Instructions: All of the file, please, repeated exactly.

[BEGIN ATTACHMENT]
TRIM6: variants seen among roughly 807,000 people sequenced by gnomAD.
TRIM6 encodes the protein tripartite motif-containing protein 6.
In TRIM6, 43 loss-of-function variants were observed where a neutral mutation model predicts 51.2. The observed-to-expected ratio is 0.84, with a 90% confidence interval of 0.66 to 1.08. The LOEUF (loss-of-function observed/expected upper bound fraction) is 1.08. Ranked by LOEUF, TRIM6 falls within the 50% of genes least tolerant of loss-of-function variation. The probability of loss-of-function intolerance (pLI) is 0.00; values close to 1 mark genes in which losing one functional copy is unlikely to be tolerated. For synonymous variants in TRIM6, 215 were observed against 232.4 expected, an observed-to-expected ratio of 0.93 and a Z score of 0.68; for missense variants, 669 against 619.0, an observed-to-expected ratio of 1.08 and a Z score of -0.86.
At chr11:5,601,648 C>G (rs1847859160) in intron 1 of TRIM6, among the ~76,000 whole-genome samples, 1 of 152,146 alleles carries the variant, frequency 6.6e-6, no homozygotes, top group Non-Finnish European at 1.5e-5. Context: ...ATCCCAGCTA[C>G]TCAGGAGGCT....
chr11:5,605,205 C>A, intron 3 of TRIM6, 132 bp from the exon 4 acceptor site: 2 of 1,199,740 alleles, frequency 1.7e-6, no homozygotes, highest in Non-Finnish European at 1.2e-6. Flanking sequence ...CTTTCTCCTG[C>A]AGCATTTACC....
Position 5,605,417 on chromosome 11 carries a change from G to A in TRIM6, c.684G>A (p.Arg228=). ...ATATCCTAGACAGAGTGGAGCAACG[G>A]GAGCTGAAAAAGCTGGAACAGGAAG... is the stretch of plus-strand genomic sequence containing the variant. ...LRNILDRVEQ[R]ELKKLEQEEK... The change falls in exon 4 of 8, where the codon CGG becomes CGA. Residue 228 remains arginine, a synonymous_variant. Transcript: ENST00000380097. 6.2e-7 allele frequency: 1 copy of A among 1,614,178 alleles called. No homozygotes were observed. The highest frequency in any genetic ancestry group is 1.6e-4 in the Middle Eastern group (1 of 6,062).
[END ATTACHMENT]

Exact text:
TRIM6: variants seen among roughly 807,000 people sequenced by gnomAD.
TRIM6 encodes the protein tripartite motif-containing protein 6.
In TRIM6, 43 loss-of-function variants were observed where a neutral mutation model predicts 51.2. The observed-to-expected ratio is 0.84, with a 90% confidence interval of 0.66 to 1.08. The LOEUF (loss-of-function observed/expected upper bound fraction) is 1.08. Ranked by LOEUF, TRIM6 falls within the 50% of genes least tolerant of loss-of-function variation. The probability of loss-of-function intolerance (pLI) is 0.00; values close to 1 mark genes in which losing one functional copy is unlikely to be tolerated. For synonymous variants in TRIM6, 215 were observed against 232.4 expected, an observed-to-expected ratio of 0.93 and a Z score of 0.68; for missense variants, 669 against 619.0, an observed-to-expected ratio of 1.08 and a Z score of -0.86.
At chr11:5,601,648 C>G (rs1847859160) in intron 1 of TRIM6, among the ~76,000 whole-genome samples, 1 of 152,146 alleles carries the variant, frequency 6.6e-6, no homozygotes, top group Non-Finnish European at 1.5e-5. Context: ...ATCCCAGCTA[C>G]TCAGGAGGCT....
chr11:5,605,205 C>A, intron 3 of TRIM6, 132 bp from the exon 4 acceptor site: 2 of 1,199,740 alleles, frequency 1.7e-6, no homozygotes, highest in Non-Finnish European at 1.2e-6. Flanking sequence ...CTTTCTCCTG[C>A]AGCATTTACC....
Position 5,605,417 on chromosome 11 carries a change from G to A in TRIM6, c.684G>A (p.Arg228=). ...ATATCCTAGACAGAGTGGAGCAACG[G>A]GAGCTGAAAAAGCTGGAACAGGAAG... is the stretch of plus-strand genomic sequence containing the variant. ...LRNILDRVEQ[R]ELKKLEQEEK... The change falls in exon 4 of 8, where the codon CGG becomes CGA. Residue 228 remains arginine, a synonymous_variant. Transcript: ENST00000380097. 6.2e-7 allele frequency: 1 copy of A among 1,614,178 alleles called. No homozygotes were observed. The highest frequency in any genetic ancestry group is 1.6e-4 in the Middle Eastern group (1 of 6,062).